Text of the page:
Hi, I just read through this clear and straightforward tutorial on defining custom Autograd functions in Pytorch:

https://pytorch.org/tutorials/beginner/examples_autograd/two_layer_net_custom_function.html

The code is very clear, but one thing I’d like to clarify on is the comment in the code that says “In the backward pass we receive a Tensor containing the gradient of the loss

with respect to the output, and we need to compute the gradient of the loss

with respect to the input.”

Shouldn’t it be “we need to compute the gradient of the *output*

with respect to the input”?

I’m confused how we could define the gradient of the loss with respect to the input, since typically we think of the gradient of a function as the gradient of that function’s output with respect to its input.

Forgive me if I misunderstood, but I’m also somewhat confused about what exactly is referred to by “gradient of the loss with respect to the output”. In the formulation of backprop that I’m familiar with, the function’s gradient is simply multiplied to the recursive sum of forward gradients (to put it into very loose English). I could give a very short and hopefully simple formal summary of that formulation if needed; it would definitely help me to understand how Pytorch’s autograd fits into my existing understanding.

Thanks so much for any further clarifications!

Your loss `L`

is a function of `y`

(target) and `y_hat`

(output). The first step in backpropagation is `dL/dy_hat`

(gradient of the loss with respect to the output) and that’s what you are reading in the tutorial.

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In the general case, for a function not belonging to the output layer, would the correct interpretation be “we need to compute the gradient of the *output* with respect to the input”?

Sure, that’s a reasonable interpretation.

Let me clarify. The ReLU function is `f(x)=max(0,x)`

. It means if `x<=0`

then `f(x)=0`

, else `f(x)=x`

. In the first case, when `x<0`

, the derivative of `f(x)`

with respect to `x`

is `f'(x)=0`

. So, we perform `grad_input[input < 0] = 0`

. In other words, we "compute the gradient of the *output* with respect to the input” and not "compute the gradient of the loss with respect to the input”.

Oh okay, sorry, didn’t see your reply before posting. So my understanding in that regard is correct?

Not in the original post but yes in the next post .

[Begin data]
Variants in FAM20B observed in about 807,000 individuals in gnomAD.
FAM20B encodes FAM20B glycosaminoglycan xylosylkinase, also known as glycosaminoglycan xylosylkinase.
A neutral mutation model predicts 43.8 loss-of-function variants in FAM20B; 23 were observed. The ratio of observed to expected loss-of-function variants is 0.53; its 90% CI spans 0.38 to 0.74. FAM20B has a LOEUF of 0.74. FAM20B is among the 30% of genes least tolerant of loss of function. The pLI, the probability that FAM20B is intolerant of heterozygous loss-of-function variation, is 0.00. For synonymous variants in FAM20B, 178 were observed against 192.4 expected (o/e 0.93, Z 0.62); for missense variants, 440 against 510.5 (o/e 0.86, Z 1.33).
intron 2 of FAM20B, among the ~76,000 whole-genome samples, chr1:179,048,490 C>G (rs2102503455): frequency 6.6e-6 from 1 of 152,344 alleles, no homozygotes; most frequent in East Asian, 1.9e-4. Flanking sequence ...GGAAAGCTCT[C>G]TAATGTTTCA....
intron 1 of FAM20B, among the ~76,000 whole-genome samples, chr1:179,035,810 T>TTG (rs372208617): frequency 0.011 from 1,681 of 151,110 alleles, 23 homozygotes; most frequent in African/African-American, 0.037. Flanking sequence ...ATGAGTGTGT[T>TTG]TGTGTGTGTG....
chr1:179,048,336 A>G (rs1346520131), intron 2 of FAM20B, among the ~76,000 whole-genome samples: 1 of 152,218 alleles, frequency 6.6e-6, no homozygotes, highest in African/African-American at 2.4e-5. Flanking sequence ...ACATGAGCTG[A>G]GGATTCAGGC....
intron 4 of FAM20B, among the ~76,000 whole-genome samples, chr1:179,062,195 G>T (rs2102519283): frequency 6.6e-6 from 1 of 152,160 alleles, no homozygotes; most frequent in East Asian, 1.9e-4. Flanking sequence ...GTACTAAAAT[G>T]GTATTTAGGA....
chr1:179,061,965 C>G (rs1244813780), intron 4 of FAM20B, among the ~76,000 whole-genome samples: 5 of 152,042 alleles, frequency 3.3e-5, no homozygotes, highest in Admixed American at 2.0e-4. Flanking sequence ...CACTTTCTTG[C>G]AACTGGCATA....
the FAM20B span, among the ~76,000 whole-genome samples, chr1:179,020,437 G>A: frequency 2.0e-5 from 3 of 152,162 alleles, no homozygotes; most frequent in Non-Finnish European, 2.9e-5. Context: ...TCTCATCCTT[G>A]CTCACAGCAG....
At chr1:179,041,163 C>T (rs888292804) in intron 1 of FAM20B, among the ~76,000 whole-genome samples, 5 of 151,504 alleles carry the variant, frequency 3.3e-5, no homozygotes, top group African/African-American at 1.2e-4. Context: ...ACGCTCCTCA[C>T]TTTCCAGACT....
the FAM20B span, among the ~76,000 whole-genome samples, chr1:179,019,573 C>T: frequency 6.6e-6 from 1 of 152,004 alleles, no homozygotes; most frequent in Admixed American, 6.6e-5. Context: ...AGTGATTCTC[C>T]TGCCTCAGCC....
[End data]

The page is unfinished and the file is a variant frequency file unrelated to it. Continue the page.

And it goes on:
Not sure which posts you’re referring to, I don’t think my understanding has changed. But I’m going to assume we’re on the same page about the meaning of the second half of the comment as for the first half of the comment, “gradient of the loss with respect to the output”, is there a general-case interpretation for that as well? I need to use a custom Autograd function that belongs to arbitrary hidden layers, not just output layers. Would it help if I gave some quick backprop formulas so that we could synchronize our language in a formal way?

Basically, I’m trying to clarify how the variable `grad_output`

in that tutorial is computed. Is there an explicit formula written anywhere? If not, I can quickly derive backprop in simple terms and maybe we can identify where `grad_output`

fits into that derivation. It really wouldn’t be as complicated as it sounds. I just need to figure out whether I can use this for my research.

@Sam_Lerman I can assure you my knowledge of Autograd is atrocious . However, just in case, did you take a look at this post Exact meaning of grad_input and grad_output?

On a side note, the two posts I was referring to were on either side of my first reply. Your original post and your subsequent post to my reply. In my minimal understanding of backpropagation and automatic differentiation, I would not necessarily think the docstring you were referring to is either wrong or misleading. It’s best left to the individual to interpret it in a way that could aid them in generalizing their intuition (which could be wrong too ).